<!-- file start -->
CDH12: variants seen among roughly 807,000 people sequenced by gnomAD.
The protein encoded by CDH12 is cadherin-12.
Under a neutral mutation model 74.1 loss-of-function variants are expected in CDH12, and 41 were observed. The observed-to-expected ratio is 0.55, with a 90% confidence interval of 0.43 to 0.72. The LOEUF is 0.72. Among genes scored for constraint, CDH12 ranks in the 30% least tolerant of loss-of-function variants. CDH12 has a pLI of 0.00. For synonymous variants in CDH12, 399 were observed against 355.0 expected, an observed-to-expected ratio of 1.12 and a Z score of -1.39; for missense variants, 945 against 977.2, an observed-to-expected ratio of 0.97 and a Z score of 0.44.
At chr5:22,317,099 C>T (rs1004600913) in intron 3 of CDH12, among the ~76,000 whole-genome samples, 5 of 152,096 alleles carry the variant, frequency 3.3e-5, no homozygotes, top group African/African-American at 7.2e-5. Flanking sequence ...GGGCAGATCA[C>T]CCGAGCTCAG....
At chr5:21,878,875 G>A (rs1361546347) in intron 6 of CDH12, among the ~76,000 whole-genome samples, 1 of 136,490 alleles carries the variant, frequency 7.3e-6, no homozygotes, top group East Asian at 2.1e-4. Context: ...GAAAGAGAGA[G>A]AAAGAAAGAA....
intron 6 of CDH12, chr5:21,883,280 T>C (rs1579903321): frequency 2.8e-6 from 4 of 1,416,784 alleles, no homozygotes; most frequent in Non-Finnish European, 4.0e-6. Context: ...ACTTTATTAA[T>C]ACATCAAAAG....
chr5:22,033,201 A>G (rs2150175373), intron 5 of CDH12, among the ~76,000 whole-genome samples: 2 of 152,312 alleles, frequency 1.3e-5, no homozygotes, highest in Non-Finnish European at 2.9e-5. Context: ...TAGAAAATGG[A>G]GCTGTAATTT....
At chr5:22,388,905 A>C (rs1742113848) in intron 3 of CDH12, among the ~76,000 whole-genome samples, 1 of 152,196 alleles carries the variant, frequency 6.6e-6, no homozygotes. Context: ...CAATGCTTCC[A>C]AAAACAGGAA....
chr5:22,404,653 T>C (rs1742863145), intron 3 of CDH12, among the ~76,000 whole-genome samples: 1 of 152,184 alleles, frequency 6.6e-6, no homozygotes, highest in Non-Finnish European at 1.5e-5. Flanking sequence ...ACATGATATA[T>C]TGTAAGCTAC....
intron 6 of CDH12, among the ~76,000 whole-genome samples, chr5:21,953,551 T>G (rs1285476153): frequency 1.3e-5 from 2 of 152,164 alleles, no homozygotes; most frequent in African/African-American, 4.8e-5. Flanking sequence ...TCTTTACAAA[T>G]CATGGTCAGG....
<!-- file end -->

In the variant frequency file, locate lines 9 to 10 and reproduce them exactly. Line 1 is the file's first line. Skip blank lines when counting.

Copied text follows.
chr5:22,404,653 T>C (rs1742863145), intron 3 of CDH12, among the ~76,000 whole-genome samples: 1 of 152,184 alleles, frequency 6.6e-6, no homozygotes, highest in Non-Finnish European at 1.5e-5. Flanking sequence ...ACATGATATA[T>C]TGTAAGCTAC....
intron 6 of CDH12, among the ~76,000 whole-genome samples, chr5:21,953,551 T>G (rs1285476153): frequency 1.3e-5 from 2 of 152,164 alleles, no homozygotes; most frequent in African/African-American, 4.8e-5. Flanking sequence ...TCTTTACAAA[T>G]CATGGTCAGG....